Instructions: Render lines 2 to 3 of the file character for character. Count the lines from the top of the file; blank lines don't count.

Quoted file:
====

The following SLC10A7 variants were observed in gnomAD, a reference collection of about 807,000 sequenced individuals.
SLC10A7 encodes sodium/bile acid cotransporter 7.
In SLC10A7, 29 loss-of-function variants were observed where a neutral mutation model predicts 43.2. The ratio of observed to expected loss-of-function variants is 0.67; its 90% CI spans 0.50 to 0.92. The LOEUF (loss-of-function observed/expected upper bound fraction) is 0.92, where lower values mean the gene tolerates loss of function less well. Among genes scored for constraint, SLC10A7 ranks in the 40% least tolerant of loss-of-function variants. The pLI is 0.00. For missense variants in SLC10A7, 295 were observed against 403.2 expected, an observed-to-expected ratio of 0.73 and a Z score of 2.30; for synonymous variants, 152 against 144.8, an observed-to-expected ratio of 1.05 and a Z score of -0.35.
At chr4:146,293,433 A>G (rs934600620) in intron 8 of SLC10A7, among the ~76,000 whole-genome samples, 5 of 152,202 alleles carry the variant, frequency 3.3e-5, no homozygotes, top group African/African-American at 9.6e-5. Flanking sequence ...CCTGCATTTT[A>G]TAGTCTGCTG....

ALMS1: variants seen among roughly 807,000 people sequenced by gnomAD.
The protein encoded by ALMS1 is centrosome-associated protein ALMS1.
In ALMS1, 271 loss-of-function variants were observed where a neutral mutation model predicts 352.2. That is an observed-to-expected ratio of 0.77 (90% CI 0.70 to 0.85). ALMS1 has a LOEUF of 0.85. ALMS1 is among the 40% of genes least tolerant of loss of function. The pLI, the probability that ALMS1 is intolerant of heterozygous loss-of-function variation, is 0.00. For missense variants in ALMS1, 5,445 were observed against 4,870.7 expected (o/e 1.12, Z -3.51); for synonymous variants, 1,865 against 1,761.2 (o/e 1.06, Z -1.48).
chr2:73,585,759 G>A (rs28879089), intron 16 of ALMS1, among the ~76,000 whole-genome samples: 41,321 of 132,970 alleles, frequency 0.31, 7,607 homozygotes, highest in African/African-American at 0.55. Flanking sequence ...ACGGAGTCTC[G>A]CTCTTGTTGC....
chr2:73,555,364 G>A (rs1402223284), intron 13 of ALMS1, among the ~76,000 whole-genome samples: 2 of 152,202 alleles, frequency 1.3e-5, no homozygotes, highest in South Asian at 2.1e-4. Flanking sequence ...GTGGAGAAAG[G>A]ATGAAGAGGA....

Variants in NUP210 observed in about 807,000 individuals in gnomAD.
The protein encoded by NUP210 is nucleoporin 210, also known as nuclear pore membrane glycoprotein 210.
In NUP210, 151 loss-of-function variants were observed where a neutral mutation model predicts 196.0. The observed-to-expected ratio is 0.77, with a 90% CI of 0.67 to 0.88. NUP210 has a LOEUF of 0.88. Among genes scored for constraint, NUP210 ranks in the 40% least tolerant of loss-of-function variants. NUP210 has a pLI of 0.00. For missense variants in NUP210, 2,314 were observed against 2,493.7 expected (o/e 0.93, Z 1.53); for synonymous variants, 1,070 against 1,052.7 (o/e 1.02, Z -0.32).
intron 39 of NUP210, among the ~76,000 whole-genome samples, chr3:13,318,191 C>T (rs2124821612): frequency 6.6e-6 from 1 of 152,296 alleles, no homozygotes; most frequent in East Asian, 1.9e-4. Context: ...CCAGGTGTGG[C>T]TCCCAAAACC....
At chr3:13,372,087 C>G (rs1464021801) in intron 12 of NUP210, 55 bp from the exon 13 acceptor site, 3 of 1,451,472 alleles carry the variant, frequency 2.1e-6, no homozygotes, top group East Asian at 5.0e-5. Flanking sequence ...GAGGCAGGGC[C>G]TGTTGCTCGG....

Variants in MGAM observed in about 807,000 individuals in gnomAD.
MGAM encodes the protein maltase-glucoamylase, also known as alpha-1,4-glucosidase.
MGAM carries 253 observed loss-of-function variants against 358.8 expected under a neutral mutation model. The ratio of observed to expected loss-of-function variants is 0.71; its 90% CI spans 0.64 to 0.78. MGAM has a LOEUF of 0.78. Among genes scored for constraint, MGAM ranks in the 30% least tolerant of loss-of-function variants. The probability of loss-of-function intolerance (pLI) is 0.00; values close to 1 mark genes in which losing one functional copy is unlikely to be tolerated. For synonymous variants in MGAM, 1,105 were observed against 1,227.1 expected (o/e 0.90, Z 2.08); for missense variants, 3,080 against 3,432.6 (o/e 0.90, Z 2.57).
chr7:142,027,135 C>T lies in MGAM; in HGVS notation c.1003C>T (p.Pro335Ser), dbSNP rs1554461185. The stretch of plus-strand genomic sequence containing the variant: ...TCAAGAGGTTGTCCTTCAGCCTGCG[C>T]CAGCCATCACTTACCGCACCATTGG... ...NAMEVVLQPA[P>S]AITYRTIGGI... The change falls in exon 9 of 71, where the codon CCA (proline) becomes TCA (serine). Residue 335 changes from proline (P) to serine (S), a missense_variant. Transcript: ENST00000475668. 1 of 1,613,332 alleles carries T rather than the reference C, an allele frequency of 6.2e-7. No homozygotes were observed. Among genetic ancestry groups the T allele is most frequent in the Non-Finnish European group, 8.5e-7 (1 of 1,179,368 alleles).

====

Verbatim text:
SLC10A7 encodes sodium/bile acid cotransporter 7.
In SLC10A7, 29 loss-of-function variants were observed where a neutral mutation model predicts 43.2. The ratio of observed to expected loss-of-function variants is 0.67; its 90% CI spans 0.50 to 0.92. The LOEUF (loss-of-function observed/expected upper bound fraction) is 0.92, where lower values mean the gene tolerates loss of function less well. Among genes scored for constraint, SLC10A7 ranks in the 40% least tolerant of loss-of-function variants. The pLI is 0.00. For missense variants in SLC10A7, 295 were observed against 403.2 expected, an observed-to-expected ratio of 0.73 and a Z score of 2.30; for synonymous variants, 152 against 144.8, an observed-to-expected ratio of 1.05 and a Z score of -0.35.